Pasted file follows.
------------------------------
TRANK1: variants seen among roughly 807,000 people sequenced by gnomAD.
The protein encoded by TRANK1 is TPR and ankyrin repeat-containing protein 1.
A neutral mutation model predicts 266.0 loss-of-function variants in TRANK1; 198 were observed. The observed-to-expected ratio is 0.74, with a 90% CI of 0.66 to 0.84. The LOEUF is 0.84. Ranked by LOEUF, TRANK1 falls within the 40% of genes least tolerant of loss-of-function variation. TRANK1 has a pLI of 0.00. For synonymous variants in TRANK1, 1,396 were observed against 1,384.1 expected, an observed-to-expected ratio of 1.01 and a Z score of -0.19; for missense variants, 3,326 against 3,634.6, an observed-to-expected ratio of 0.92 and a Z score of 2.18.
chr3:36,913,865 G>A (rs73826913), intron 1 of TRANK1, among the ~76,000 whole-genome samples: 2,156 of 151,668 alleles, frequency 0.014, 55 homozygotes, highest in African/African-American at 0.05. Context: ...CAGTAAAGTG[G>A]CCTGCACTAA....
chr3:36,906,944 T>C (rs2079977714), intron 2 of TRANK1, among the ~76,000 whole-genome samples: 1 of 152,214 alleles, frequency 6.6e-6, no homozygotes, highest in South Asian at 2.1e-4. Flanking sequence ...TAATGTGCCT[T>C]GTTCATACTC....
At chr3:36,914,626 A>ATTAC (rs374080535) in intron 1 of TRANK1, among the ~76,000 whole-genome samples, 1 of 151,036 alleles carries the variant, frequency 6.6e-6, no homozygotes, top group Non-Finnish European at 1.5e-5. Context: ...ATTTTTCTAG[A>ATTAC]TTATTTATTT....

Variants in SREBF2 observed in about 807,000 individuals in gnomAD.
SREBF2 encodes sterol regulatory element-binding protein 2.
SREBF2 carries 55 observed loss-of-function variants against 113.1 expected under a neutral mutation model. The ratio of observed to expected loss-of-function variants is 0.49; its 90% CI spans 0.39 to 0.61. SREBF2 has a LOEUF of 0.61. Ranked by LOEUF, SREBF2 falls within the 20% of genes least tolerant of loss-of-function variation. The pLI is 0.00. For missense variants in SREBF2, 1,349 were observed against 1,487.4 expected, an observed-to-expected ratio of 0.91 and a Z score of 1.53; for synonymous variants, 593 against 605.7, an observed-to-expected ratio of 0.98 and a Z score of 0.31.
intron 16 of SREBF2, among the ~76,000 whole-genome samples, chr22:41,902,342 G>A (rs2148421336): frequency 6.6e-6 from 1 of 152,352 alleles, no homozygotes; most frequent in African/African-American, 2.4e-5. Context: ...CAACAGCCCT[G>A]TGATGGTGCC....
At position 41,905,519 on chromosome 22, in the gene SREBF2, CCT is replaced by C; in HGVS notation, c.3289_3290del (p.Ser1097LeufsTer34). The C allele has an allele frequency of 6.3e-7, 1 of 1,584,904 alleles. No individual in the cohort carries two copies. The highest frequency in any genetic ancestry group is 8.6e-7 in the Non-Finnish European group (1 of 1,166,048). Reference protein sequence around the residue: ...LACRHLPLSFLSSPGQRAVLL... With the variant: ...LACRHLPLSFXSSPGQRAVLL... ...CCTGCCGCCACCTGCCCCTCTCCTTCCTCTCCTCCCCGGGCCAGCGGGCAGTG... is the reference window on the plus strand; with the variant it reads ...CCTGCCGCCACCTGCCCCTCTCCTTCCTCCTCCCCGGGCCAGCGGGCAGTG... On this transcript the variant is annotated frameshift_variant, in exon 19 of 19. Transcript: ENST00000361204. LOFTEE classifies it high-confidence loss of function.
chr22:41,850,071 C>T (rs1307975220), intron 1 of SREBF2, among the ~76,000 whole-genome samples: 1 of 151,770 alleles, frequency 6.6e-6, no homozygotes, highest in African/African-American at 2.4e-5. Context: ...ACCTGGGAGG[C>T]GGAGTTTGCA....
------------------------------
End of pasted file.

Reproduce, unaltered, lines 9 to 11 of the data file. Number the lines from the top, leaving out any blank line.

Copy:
SREBF2 carries 55 observed loss-of-function variants against 113.1 expected under a neutral mutation model. The ratio of observed to expected loss-of-function variants is 0.49; its 90% CI spans 0.39 to 0.61. SREBF2 has a LOEUF of 0.61. Ranked by LOEUF, SREBF2 falls within the 20% of genes least tolerant of loss-of-function variation. The pLI is 0.00. For missense variants in SREBF2, 1,349 were observed against 1,487.4 expected, an observed-to-expected ratio of 0.91 and a Z score of 1.53; for synonymous variants, 593 against 605.7, an observed-to-expected ratio of 0.98 and a Z score of 0.31.
intron 16 of SREBF2, among the ~76,000 whole-genome samples, chr22:41,902,342 G>A (rs2148421336): frequency 6.6e-6 from 1 of 152,352 alleles, no homozygotes; most frequent in African/African-American, 2.4e-5. Context: ...CAACAGCCCT[G>A]TGATGGTGCC....
At position 41,905,519 on chromosome 22, in the gene SREBF2, CCT is replaced by C; in HGVS notation, c.3289_3290del (p.Ser1097LeufsTer34). The C allele has an allele frequency of 6.3e-7, 1 of 1,584,904 alleles. No individual in the cohort carries two copies. The highest frequency in any genetic ancestry group is 8.6e-7 in the Non-Finnish European group (1 of 1,166,048). Reference protein sequence around the residue: ...LACRHLPLSFLSSPGQRAVLL... With the variant: ...LACRHLPLSFXSSPGQRAVLL... ...CCTGCCGCCACCTGCCCCTCTCCTTCCTCTCCTCCCCGGGCCAGCGGGCAGTG... is the reference window on the plus strand; with the variant it reads ...CCTGCCGCCACCTGCCCCTCTCCTTCCTCCTCCCCGGGCCAGCGGGCAGTG... On this transcript the variant is annotated frameshift_variant, in exon 19 of 19. Transcript: ENST00000361204. LOFTEE classifies it high-confidence loss of function.